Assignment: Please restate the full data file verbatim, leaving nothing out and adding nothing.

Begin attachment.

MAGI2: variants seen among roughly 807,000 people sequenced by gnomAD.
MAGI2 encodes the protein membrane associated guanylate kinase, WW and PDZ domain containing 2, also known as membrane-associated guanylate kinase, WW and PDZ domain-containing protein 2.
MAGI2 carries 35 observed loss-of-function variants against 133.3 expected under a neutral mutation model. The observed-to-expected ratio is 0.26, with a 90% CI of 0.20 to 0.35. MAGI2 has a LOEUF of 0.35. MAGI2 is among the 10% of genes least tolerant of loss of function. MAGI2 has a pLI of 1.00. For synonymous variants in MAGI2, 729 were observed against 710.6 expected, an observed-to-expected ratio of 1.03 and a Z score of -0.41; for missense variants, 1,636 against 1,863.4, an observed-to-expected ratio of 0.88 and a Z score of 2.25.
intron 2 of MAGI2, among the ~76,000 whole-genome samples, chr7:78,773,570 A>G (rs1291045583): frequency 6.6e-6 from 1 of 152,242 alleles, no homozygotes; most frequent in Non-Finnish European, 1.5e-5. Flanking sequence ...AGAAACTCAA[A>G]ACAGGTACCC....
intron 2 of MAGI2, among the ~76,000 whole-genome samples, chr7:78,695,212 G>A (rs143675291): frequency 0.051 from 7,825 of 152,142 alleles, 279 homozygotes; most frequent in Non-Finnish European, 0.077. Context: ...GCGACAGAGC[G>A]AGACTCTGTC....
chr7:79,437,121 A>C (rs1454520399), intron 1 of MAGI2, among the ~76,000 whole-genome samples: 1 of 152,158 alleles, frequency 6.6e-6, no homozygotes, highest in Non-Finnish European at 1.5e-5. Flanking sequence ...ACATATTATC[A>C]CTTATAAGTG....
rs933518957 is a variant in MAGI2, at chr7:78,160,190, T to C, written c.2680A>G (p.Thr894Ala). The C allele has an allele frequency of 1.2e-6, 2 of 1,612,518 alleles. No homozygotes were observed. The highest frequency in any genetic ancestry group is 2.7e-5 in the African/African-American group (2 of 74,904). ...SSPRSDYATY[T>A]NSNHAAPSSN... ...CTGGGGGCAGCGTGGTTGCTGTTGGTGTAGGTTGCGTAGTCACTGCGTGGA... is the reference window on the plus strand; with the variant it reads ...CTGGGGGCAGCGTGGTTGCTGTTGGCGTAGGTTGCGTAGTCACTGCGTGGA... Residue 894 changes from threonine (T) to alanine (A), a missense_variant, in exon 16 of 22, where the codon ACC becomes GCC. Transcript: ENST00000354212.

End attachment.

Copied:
MAGI2: variants seen among roughly 807,000 people sequenced by gnomAD.
MAGI2 encodes the protein membrane associated guanylate kinase, WW and PDZ domain containing 2, also known as membrane-associated guanylate kinase, WW and PDZ domain-containing protein 2.
MAGI2 carries 35 observed loss-of-function variants against 133.3 expected under a neutral mutation model. The observed-to-expected ratio is 0.26, with a 90% CI of 0.20 to 0.35. MAGI2 has a LOEUF of 0.35. MAGI2 is among the 10% of genes least tolerant of loss of function. MAGI2 has a pLI of 1.00. For synonymous variants in MAGI2, 729 were observed against 710.6 expected, an observed-to-expected ratio of 1.03 and a Z score of -0.41; for missense variants, 1,636 against 1,863.4, an observed-to-expected ratio of 0.88 and a Z score of 2.25.
intron 2 of MAGI2, among the ~76,000 whole-genome samples, chr7:78,773,570 A>G (rs1291045583): frequency 6.6e-6 from 1 of 152,242 alleles, no homozygotes; most frequent in Non-Finnish European, 1.5e-5. Flanking sequence ...AGAAACTCAA[A>G]ACAGGTACCC....
intron 2 of MAGI2, among the ~76,000 whole-genome samples, chr7:78,695,212 G>A (rs143675291): frequency 0.051 from 7,825 of 152,142 alleles, 279 homozygotes; most frequent in Non-Finnish European, 0.077. Context: ...GCGACAGAGC[G>A]AGACTCTGTC....
chr7:79,437,121 A>C (rs1454520399), intron 1 of MAGI2, among the ~76,000 whole-genome samples: 1 of 152,158 alleles, frequency 6.6e-6, no homozygotes, highest in Non-Finnish European at 1.5e-5. Flanking sequence ...ACATATTATC[A>C]CTTATAAGTG....
rs933518957 is a variant in MAGI2, at chr7:78,160,190, T to C, written c.2680A>G (p.Thr894Ala). The C allele has an allele frequency of 1.2e-6, 2 of 1,612,518 alleles. No homozygotes were observed. The highest frequency in any genetic ancestry group is 2.7e-5 in the African/African-American group (2 of 74,904). ...SSPRSDYATY[T>A]NSNHAAPSSN... ...CTGGGGGCAGCGTGGTTGCTGTTGGTGTAGGTTGCGTAGTCACTGCGTGGA... is the reference window on the plus strand; with the variant it reads ...CTGGGGGCAGCGTGGTTGCTGTTGGCGTAGGTTGCGTAGTCACTGCGTGGA... Residue 894 changes from threonine (T) to alanine (A), a missense_variant, in exon 16 of 22, where the codon ACC becomes GCC. Transcript: ENST00000354212.